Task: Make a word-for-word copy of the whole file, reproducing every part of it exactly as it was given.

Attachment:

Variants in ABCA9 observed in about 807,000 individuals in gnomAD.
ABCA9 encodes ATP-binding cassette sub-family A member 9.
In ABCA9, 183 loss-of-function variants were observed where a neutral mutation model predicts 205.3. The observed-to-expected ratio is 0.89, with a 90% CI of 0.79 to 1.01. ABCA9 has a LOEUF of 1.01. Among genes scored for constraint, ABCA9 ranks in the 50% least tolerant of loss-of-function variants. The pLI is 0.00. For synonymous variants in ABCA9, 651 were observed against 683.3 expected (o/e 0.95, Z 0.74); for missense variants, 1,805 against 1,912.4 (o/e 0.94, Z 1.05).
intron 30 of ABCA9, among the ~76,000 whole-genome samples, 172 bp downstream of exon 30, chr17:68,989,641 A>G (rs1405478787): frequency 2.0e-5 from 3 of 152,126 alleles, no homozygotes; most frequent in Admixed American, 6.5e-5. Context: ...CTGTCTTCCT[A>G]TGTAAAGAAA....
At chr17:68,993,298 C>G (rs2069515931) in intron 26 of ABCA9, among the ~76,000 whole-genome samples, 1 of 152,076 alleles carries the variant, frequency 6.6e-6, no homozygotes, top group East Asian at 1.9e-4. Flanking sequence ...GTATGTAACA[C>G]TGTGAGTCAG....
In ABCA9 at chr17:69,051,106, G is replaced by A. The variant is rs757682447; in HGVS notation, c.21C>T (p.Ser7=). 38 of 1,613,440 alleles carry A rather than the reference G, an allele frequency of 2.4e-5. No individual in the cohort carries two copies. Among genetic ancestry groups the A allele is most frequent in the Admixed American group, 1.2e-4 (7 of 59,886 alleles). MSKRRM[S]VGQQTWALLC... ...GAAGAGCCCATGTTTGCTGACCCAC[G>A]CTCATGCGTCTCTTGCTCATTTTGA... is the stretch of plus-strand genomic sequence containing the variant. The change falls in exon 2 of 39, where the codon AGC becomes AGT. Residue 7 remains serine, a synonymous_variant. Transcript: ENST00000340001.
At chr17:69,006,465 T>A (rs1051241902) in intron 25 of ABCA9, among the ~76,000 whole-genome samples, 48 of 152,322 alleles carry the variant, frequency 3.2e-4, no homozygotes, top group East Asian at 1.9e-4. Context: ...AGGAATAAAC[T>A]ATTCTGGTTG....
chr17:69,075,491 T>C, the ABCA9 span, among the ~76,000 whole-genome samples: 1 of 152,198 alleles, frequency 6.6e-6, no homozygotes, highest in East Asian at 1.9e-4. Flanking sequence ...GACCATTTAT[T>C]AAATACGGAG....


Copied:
Variants in ABCA9 observed in about 807,000 individuals in gnomAD.
ABCA9 encodes ATP-binding cassette sub-family A member 9.
In ABCA9, 183 loss-of-function variants were observed where a neutral mutation model predicts 205.3. The observed-to-expected ratio is 0.89, with a 90% CI of 0.79 to 1.01. ABCA9 has a LOEUF of 1.01. Among genes scored for constraint, ABCA9 ranks in the 50% least tolerant of loss-of-function variants. The pLI is 0.00. For synonymous variants in ABCA9, 651 were observed against 683.3 expected (o/e 0.95, Z 0.74); for missense variants, 1,805 against 1,912.4 (o/e 0.94, Z 1.05).
intron 30 of ABCA9, among the ~76,000 whole-genome samples, 172 bp downstream of exon 30, chr17:68,989,641 A>G (rs1405478787): frequency 2.0e-5 from 3 of 152,126 alleles, no homozygotes; most frequent in Admixed American, 6.5e-5. Context: ...CTGTCTTCCT[A>G]TGTAAAGAAA....
At chr17:68,993,298 C>G (rs2069515931) in intron 26 of ABCA9, among the ~76,000 whole-genome samples, 1 of 152,076 alleles carries the variant, frequency 6.6e-6, no homozygotes, top group East Asian at 1.9e-4. Flanking sequence ...GTATGTAACA[C>G]TGTGAGTCAG....
In ABCA9 at chr17:69,051,106, G is replaced by A. The variant is rs757682447; in HGVS notation, c.21C>T (p.Ser7=). 38 of 1,613,440 alleles carry A rather than the reference G, an allele frequency of 2.4e-5. No individual in the cohort carries two copies. Among genetic ancestry groups the A allele is most frequent in the Admixed American group, 1.2e-4 (7 of 59,886 alleles). MSKRRM[S]VGQQTWALLC... ...GAAGAGCCCATGTTTGCTGACCCAC[G>A]CTCATGCGTCTCTTGCTCATTTTGA... is the stretch of plus-strand genomic sequence containing the variant. The change falls in exon 2 of 39, where the codon AGC becomes AGT. Residue 7 remains serine, a synonymous_variant. Transcript: ENST00000340001.
At chr17:69,006,465 T>A (rs1051241902) in intron 25 of ABCA9, among the ~76,000 whole-genome samples, 48 of 152,322 alleles carry the variant, frequency 3.2e-4, no homozygotes, top group East Asian at 1.9e-4. Context: ...AGGAATAAAC[T>A]ATTCTGGTTG....
chr17:69,075,491 T>C, the ABCA9 span, among the ~76,000 whole-genome samples: 1 of 152,198 alleles, frequency 6.6e-6, no homozygotes, highest in East Asian at 1.9e-4. Flanking sequence ...GACCATTTAT[T>C]AAATACGGAG....